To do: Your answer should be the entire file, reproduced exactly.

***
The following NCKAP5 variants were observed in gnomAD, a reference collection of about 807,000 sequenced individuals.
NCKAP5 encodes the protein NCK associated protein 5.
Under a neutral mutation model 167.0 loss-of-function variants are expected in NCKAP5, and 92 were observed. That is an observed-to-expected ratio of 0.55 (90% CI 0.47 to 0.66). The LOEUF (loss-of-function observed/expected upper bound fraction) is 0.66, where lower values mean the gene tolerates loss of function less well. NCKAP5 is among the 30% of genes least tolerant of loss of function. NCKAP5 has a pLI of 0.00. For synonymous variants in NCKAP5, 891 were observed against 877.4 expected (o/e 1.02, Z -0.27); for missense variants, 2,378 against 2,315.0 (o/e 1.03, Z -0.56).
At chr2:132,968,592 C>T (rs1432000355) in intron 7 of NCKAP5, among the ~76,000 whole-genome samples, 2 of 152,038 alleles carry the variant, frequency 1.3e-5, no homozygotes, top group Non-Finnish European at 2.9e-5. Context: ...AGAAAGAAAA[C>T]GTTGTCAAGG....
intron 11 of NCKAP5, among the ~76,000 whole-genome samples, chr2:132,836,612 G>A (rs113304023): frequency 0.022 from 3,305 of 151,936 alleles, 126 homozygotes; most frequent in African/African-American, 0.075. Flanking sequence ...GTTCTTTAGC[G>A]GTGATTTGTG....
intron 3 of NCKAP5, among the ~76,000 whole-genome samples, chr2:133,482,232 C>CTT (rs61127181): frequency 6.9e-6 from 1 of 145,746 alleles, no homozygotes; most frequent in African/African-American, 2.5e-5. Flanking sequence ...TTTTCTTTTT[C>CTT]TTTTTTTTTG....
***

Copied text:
The following NCKAP5 variants were observed in gnomAD, a reference collection of about 807,000 sequenced individuals.
NCKAP5 encodes the protein NCK associated protein 5.
Under a neutral mutation model 167.0 loss-of-function variants are expected in NCKAP5, and 92 were observed. That is an observed-to-expected ratio of 0.55 (90% CI 0.47 to 0.66). The LOEUF (loss-of-function observed/expected upper bound fraction) is 0.66, where lower values mean the gene tolerates loss of function less well. NCKAP5 is among the 30% of genes least tolerant of loss of function. NCKAP5 has a pLI of 0.00. For synonymous variants in NCKAP5, 891 were observed against 877.4 expected (o/e 1.02, Z -0.27); for missense variants, 2,378 against 2,315.0 (o/e 1.03, Z -0.56).
At chr2:132,968,592 C>T (rs1432000355) in intron 7 of NCKAP5, among the ~76,000 whole-genome samples, 2 of 152,038 alleles carry the variant, frequency 1.3e-5, no homozygotes, top group Non-Finnish European at 2.9e-5. Context: ...AGAAAGAAAA[C>T]GTTGTCAAGG....
intron 11 of NCKAP5, among the ~76,000 whole-genome samples, chr2:132,836,612 G>A (rs113304023): frequency 0.022 from 3,305 of 151,936 alleles, 126 homozygotes; most frequent in African/African-American, 0.075. Flanking sequence ...GTTCTTTAGC[G>A]GTGATTTGTG....
intron 3 of NCKAP5, among the ~76,000 whole-genome samples, chr2:133,482,232 C>CTT (rs61127181): frequency 6.9e-6 from 1 of 145,746 alleles, no homozygotes; most frequent in African/African-American, 2.5e-5. Flanking sequence ...TTTTCTTTTT[C>CTT]TTTTTTTTTG....